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Fairytale memories from an alpine secret

Castle Forest Lodge is a mountainside retreat in a centuries-old rainforest

By Expat Mummy travelog@standardmedia.coke

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he anticipation is nothing compared to the shock I feel as the cold water pours from the heavens and soaks me to the bone. The roar of the waterfalls is deafen-ing as the deluge pounds my shoulders, and spray fills my nose and mouth. For a moment I am numb, before my body explodes to a hot flash. Chilly needles prick my skin and exhilaration surges through me as I scamper back through the mountain pool to the relative safety of the fern and moss-covered stones. We are at the foothills of Mt Kenya; four hours from Nairobi but a world of difference from the capital city’s dusty dry summer. Castle Forest Lodge is a fairyland idyll. A secret forested place of waterfalls and mist. Of elephants and snow. The perfect escape Castle Forest Lodge, as the name aptly suggests, is a mountainside retreat in a centuries-old rainforest. Alpine air has an ethereal quality, things are clearer, brighter and more magical on the mountain. The sun shimmers off the snow on the nearby peak of Mt Kenya as

horse and buck graze on emerald grass. We arrive and are taken to our cabin, a wooden house with unfiltered views of Africa’s second-highest peak and the Laikipia plains. Rustic in appearance from the outside, the cabin has designer bathrooms, soft high thread-count cotton sheets and a huge open fireplace that makes me long for winter and rain. Hide and seek with beasts Outside the sun slowly fills the sky and we throw on boots for a lunchtime hike. We steer clear of the Maasai guide and decide to head into the forest alone. After 10 minutes of walking with five small children in tow, we realise that these woods are anything but serene. Buffalo, leopard, elephant and hyena live here. This is an ancient place of impenetrable bush. Vines as thick as my torso wrap around trees that climb into a canopy and lets in no light. We follow a path but it pushes deeper into the woods. Suddenly we don’t feel so brave. I summon my inner girl scout and start to mark a path with arrows, doubting our return. We hear a tree fall nearby, certain it is the elephants. We crouch in fear, shushing the children but there is no evidence to justify our racing hearts. Spider webs sprinkle our hair, monkeys cackle in the foliage. I am convinced I see a parrot. Does Kenya have parrots I ponder? Lizards clamber up the side of colossal trees, which are green with moss and damp. Butterflies flitter in huge numbers and sometimes other flying things that I can’t give names to, but definitely don’t wish any closer. After an hour, we appear on a track and breathe a little easier shouting out insincere bravado and pretending away the nerves. We walk to a small waterfall and fall into the icy pool. It’s hot now and the rocks make perfect sunbathing spots for tired limbs. The small waterfall is right inside the camp, so it’s just five minutes to the ‘pub’ in the grounds. The pub takes me back to England - its dark smoky bar serves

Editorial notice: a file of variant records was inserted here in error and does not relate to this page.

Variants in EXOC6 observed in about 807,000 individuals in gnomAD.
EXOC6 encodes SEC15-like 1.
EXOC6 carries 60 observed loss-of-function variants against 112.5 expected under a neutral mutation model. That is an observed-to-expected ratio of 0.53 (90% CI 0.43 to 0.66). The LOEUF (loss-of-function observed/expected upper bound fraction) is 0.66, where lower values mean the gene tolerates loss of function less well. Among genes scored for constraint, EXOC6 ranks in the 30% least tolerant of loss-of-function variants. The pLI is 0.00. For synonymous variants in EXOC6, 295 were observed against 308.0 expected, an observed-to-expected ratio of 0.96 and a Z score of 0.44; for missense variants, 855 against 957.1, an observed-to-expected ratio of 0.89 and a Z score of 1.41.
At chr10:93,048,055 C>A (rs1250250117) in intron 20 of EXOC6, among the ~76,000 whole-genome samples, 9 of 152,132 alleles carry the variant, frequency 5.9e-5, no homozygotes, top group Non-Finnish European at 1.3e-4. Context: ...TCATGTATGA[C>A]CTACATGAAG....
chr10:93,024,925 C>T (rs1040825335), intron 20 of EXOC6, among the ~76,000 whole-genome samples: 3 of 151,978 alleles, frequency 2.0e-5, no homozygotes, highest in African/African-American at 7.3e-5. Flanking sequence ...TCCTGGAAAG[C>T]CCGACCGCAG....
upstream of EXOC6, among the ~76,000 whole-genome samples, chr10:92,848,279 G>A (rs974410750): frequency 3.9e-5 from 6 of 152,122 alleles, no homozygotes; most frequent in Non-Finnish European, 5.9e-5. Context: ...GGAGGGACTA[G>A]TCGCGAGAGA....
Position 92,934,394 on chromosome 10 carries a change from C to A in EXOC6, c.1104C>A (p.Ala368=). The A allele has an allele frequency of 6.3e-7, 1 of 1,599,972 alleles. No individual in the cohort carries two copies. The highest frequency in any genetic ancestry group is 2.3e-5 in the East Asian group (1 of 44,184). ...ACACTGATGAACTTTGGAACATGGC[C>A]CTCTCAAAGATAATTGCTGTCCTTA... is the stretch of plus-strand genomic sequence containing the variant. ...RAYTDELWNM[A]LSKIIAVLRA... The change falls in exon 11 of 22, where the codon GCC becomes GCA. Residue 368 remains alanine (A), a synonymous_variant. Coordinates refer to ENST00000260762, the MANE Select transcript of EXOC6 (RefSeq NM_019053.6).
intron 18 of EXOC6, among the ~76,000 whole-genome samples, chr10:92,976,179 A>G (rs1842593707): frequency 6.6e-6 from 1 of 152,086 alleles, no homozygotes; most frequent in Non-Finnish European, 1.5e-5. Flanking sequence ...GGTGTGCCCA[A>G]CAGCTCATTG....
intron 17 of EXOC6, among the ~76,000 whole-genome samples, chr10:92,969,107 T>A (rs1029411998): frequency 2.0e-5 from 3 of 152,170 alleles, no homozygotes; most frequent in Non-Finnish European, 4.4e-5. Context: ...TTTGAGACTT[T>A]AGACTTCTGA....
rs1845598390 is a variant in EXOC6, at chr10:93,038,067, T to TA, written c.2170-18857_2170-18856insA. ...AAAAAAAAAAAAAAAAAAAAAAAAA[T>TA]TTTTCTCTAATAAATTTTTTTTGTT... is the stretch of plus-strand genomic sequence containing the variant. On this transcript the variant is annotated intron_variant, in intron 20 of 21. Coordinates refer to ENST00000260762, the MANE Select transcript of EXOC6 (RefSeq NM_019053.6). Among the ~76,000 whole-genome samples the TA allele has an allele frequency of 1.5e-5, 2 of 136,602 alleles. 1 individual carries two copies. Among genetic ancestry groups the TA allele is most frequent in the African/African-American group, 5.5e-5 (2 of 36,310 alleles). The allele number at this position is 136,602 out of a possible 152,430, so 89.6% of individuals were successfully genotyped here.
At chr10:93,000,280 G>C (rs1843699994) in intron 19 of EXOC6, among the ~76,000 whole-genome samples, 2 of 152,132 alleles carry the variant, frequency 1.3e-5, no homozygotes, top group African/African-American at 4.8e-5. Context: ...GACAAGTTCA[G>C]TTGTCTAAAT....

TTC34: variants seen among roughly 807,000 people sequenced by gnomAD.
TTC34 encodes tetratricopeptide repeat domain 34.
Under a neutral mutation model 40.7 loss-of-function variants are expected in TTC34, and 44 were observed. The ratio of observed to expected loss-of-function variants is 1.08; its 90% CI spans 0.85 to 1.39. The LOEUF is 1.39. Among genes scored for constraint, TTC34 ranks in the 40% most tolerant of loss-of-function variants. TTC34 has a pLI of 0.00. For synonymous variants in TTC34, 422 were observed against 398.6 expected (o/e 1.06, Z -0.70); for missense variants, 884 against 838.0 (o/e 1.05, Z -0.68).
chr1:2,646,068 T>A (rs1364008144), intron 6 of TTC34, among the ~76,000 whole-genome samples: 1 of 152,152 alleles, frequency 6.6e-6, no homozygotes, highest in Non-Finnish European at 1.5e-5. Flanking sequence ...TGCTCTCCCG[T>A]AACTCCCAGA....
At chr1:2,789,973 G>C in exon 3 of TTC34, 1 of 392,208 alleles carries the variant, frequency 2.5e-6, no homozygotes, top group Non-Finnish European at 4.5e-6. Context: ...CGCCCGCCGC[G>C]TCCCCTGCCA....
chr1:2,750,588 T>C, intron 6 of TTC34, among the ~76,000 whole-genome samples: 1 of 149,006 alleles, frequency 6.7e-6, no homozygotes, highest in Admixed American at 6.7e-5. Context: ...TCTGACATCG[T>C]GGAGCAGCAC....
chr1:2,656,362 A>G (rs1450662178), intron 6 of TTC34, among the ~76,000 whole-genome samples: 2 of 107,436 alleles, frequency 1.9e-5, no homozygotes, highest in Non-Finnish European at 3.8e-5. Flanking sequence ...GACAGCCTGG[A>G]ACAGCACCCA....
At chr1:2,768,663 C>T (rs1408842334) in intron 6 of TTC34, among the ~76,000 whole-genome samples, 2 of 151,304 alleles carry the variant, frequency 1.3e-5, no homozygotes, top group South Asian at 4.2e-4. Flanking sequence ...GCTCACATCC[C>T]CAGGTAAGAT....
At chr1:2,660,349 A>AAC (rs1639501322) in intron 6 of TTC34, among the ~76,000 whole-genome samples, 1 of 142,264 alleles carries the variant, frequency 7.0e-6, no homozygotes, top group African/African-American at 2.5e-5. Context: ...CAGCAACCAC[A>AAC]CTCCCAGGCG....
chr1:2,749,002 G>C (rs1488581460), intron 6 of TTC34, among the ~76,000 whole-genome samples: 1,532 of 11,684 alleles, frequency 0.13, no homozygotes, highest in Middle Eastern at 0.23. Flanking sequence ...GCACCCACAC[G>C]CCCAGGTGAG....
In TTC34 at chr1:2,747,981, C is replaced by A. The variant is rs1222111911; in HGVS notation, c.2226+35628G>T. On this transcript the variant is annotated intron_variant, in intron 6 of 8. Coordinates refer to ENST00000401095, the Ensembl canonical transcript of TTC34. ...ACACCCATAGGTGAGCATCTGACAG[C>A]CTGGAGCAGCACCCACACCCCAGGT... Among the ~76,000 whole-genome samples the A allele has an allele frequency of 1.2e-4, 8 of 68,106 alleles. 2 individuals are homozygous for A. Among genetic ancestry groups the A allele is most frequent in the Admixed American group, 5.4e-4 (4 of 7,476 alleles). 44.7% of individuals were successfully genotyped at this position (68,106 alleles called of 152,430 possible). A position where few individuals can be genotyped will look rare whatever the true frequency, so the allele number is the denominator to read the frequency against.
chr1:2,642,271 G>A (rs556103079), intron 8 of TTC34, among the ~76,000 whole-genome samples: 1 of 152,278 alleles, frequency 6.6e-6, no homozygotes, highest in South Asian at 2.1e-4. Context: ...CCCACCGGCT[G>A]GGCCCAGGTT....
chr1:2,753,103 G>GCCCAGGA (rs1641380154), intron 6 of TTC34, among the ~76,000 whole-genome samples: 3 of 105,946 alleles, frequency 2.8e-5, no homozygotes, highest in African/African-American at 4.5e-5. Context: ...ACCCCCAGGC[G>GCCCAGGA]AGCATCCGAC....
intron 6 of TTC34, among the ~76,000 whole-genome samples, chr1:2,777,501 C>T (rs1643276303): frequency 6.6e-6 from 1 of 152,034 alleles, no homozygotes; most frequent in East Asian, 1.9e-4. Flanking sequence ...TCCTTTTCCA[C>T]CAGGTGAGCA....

Interior of the luxurious hotel. [Expat Mummy]

beers, ciders and sparkling gin and tonics. We order an adventurer’s platter of crisp samosa and spring rolls with big fat chips, which we eat with huge dollops of mayonnaise. The afternoon is for the freshwater pool. Sharing time with the goats and tame ponies, chasing butterflies and drinking more gin until the sun starts to set. We head to our cabin where a huge fire pit has been set outside. We eat nyama choma and roast marshmallows until the stars come and fall asleep shortly after the children, worn out by the fresh air and exercise. It is the perfect day. End of the earth In the morning it’s time for the big waterfall. A seven-kilometre hike feels too far with a bunch of five-year-olds so we channel the Rhino Charge and take our car into the bush. Over rotten wooden bridges, steep tracks and muddy